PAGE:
Unfortunately, I’ve not got a huge amount of self discipline and I haven’t managed to reach the 1000 words every day. My brother is really into hypnotism and mind control and he’s been giving me some tips on how to improve my willpower. One of them is to create an ‘anchor’. That means that on a day when the writing is going really well, I have to do some kind of action that will act as a trigger to spur me on to write on another day when I feel less motivated. So over the last few days as I’ve been typing away like mad I’ve had to remember to periodically tug my earlobes. If I keep this up, one day I will sit down at my laptop, tug my earlobes and a whole novel will spill out onto the computer screen. That’s how it works, right?
Another tip my brother gave me for improving willpower is to force myself to do one disagreeable task a day. It’s true that I don’t always love writing, but I don’t want it to be my disagreeable task either. I suppose I could try washing the dishes every day. I really don’t like doing that. I’ve eaten cereal out of saucepans and pizza off of tinfoil rather than wash up.
Putting aside these exercises in willpower for a moment, the most compelling reason for me to stick to my goal is that on the days when I manage to write 1000 words I feel great and on the days when I don’t, I feel rubbish. It’s as simple as that.
The whole “Can writing be taught?” debate has been raging for a long time and I have thought about it a lot. After doing a load of research I have decided that I like the “musical instrument” analogy best. That is to say that, even a great musician, with tonnes of natural talent, will still need tuition and plenty of practice to be able to play his violin/piano/whatever. And someone with no talent whatsoever can take scores of lessons but in the end, they may be able to play the right notes in the right order but it will never sound good.
For example, I took piano lessons for five years. Seriously. Five years. I can read music, if it’s not too complicated ( a semi-quaver I can just about manage), and I can play tunes (Christmas carols and Mary Had a Little Lamb), but that’s all you’re getting out of me. You can tie me to the piano stool and and torture me with that damn metronome but I’m never going to play like (insert name of famous pianist here). My piano teacher even told my parents to stop sending me to lessons because I was such a hopeless case.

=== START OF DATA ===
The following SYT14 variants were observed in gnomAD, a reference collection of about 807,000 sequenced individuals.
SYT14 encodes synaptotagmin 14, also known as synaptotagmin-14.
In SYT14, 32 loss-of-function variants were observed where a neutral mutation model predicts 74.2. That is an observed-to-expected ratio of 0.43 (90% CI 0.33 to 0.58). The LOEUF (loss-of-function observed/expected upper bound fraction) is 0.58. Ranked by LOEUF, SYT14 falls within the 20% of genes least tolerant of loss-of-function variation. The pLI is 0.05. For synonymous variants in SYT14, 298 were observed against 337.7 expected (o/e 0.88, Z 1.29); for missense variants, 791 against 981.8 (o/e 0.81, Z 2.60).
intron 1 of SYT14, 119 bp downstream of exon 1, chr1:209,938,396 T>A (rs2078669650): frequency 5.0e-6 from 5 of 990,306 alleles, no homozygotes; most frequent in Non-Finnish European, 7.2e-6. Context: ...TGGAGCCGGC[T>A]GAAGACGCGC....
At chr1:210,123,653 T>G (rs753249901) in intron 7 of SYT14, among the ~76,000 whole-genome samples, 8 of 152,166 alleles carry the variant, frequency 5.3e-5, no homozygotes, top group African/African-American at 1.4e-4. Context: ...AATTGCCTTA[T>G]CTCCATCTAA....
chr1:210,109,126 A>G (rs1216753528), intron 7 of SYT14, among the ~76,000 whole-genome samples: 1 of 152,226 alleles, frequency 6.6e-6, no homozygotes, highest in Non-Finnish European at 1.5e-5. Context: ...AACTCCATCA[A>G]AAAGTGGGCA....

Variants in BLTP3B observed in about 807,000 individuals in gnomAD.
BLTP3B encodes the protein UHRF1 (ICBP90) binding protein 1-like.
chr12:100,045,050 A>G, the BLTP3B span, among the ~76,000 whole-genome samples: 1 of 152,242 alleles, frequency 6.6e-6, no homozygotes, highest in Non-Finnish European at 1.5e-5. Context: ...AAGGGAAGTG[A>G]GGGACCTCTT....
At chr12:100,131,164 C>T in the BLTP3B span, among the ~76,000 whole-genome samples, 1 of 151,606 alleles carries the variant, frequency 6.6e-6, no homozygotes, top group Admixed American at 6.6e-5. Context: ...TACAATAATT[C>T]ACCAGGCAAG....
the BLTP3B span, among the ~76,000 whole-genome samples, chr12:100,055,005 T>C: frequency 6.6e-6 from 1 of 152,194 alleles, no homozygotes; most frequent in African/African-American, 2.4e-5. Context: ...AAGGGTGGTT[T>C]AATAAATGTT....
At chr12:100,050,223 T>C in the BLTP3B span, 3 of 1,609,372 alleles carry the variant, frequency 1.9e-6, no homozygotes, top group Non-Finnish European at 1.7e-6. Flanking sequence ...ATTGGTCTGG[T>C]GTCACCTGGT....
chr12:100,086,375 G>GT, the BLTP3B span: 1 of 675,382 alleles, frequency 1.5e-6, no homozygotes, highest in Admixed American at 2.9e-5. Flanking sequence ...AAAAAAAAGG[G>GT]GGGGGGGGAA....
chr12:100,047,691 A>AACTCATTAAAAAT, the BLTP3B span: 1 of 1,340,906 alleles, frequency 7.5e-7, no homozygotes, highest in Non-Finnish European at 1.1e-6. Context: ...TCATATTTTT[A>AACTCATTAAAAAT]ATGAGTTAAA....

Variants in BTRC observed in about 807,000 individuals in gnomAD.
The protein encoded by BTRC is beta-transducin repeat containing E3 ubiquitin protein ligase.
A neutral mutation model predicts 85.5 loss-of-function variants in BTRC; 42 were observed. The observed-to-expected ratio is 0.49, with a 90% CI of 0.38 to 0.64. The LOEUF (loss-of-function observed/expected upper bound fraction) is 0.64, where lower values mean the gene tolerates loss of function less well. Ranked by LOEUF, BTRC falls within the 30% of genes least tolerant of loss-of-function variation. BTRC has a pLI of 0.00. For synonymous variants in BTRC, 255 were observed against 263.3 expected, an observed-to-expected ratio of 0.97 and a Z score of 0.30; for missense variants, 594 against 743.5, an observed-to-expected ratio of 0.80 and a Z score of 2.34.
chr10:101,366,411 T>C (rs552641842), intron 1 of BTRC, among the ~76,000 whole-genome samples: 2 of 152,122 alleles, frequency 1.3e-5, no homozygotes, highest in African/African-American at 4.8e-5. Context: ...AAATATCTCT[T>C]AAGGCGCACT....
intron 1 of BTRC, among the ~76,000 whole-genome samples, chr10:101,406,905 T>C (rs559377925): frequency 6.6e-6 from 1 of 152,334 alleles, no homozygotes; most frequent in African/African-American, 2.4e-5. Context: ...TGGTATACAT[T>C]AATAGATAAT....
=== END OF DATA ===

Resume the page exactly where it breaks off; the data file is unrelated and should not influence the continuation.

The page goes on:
But with writing, it’s different. I have the feeling that I can already do it and that if I were to take lessons, it would be so that it would take less drafts to do it well. I don’t want to learn to write, I want to learn to write better. So, with that in mind, I applied to do a Masters in Creative Writing. I did get a place on the course, but after a lot of deliberation, I decided it wasn’t the right choice for me. I have no objection to taking a writing course but a Masters is too much. It’s a lot of money just so you can put an MA after your name.
Before turning down the Masters, I had to think hard about what I want to achieve with my life. I always wanted to write a novel but had the feeling that I would need some support t o do that. Through NaNoWriMo, which is free, I have been able to work my way towards a first draft. There is still a loooooooong way to go but I think I can get there. I also wanted to try scriptwriting. I have signed myself up for a short course in March, much much much cheaper than the Masters, and in the meantime, I have been reading scripts from Daily Script to try and get a feel for how it ‘s done.
So, in a nutshell, can writing be taught? Sort of.
Oh my goodness, I almost did something completely crazy there. I *nearly* started a new novel. I only just managed stop myself before typing the first word onto the glaringly blank screen. Luckily I regained my senses just in time. That would have been the death of my NaNo. Once a sparkly shiny new idea gets its claws around you, there’s no going back to the problematic but ultimately workable idea that you were struggling with before.
Too many potential novels have died in this way. I have the scavenged remains of four of them tucked away in folders on my computer. The first one was never even given the chance to flourish; I abandoned it after only a few lines because the words on the screen did not do justice to the wonderful images in my head.
The second one did not survive the transition from short story into novel. It was a risky procedure but at the time I thought it was worth a shot. In order to survive as a short story I would have had to remove huge swathes of prose. I decided instead to try to stretch the thin plot out further to encompass the growing body of words. Sadly, it was not enough.
The remaining two unfinished barely started novels suffered the cruelest fate of all: they were neglected simply because a better idea came along.
I have been a callous callous writer but I will learn from my mistakes. I will not let my NaNo suffer the same terrible fate; left forgotten and unloved until there is no hope of a conclusion. I will not let it fall into decay, I will not pluck out the best descriptions nor strip it of its most polished sentences so that I can use them elsewhere. I will keep working at it until is a fully formed, functioning first draft.